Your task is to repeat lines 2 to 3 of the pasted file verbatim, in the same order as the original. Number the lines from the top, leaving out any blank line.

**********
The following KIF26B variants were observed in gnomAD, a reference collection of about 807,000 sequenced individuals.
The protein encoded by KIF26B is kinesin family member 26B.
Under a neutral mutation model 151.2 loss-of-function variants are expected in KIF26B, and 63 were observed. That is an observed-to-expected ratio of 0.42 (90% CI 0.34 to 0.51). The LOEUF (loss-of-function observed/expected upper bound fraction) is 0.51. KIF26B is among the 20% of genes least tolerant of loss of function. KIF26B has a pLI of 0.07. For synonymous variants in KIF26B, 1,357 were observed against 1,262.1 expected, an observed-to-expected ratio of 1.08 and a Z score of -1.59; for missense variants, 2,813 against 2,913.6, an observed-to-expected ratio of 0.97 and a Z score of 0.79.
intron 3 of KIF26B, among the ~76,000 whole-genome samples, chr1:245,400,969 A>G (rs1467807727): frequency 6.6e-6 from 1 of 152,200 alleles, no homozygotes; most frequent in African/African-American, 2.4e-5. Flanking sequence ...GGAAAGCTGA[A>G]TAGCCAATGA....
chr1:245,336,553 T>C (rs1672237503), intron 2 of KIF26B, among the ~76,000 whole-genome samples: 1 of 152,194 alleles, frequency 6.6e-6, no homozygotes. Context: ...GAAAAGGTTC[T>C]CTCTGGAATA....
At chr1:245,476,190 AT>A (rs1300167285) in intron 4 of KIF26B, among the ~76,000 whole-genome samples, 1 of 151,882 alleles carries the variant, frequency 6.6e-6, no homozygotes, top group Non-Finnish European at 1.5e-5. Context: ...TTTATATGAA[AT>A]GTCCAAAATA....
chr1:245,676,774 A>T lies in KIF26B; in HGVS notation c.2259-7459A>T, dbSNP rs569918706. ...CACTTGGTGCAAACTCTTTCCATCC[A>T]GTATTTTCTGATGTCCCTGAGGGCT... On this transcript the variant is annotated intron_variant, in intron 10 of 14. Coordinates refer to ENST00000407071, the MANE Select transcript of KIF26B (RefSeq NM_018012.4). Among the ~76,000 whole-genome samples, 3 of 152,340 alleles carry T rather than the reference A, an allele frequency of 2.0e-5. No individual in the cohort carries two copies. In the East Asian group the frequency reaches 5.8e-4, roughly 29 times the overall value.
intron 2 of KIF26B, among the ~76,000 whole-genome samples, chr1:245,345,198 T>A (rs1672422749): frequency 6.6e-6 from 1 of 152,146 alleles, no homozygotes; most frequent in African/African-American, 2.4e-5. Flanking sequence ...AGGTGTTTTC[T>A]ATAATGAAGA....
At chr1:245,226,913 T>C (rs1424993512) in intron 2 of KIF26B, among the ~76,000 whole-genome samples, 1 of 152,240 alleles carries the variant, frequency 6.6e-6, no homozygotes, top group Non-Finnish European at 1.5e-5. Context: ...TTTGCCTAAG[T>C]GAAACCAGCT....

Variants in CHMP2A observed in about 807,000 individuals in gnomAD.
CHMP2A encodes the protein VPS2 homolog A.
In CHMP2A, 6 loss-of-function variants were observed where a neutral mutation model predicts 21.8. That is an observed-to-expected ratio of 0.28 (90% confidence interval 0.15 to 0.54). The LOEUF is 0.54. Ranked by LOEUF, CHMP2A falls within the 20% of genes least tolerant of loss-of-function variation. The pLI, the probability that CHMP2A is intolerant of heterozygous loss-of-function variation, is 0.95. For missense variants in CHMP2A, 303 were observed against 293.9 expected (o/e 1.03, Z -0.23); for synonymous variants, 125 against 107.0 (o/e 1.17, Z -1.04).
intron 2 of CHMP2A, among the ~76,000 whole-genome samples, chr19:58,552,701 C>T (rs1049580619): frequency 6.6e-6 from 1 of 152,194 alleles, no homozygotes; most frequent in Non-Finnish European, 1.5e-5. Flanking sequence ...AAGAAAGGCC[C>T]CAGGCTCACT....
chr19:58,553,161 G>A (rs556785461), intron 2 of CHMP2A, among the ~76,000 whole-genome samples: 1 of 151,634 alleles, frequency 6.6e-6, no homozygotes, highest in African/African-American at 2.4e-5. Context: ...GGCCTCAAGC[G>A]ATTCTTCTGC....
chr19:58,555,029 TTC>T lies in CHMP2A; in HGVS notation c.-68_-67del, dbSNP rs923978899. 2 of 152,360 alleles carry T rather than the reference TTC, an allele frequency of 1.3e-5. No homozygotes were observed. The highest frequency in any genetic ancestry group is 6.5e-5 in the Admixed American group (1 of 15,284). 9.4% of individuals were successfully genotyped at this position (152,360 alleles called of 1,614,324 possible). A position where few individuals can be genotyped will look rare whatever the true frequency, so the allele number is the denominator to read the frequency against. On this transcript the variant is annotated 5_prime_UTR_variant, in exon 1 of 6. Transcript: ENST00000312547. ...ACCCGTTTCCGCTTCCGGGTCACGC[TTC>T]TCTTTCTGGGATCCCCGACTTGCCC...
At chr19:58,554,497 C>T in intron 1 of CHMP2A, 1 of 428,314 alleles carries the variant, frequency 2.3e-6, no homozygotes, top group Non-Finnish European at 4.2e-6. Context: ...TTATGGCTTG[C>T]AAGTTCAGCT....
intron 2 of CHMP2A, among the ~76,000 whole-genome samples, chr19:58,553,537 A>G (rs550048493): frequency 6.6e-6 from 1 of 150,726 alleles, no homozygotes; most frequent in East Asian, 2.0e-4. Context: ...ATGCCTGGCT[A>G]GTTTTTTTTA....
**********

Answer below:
The protein encoded by KIF26B is kinesin family member 26B.
Under a neutral mutation model 151.2 loss-of-function variants are expected in KIF26B, and 63 were observed. That is an observed-to-expected ratio of 0.42 (90% CI 0.34 to 0.51). The LOEUF (loss-of-function observed/expected upper bound fraction) is 0.51. KIF26B is among the 20% of genes least tolerant of loss of function. KIF26B has a pLI of 0.07. For synonymous variants in KIF26B, 1,357 were observed against 1,262.1 expected, an observed-to-expected ratio of 1.08 and a Z score of -1.59; for missense variants, 2,813 against 2,913.6, an observed-to-expected ratio of 0.97 and a Z score of 0.79.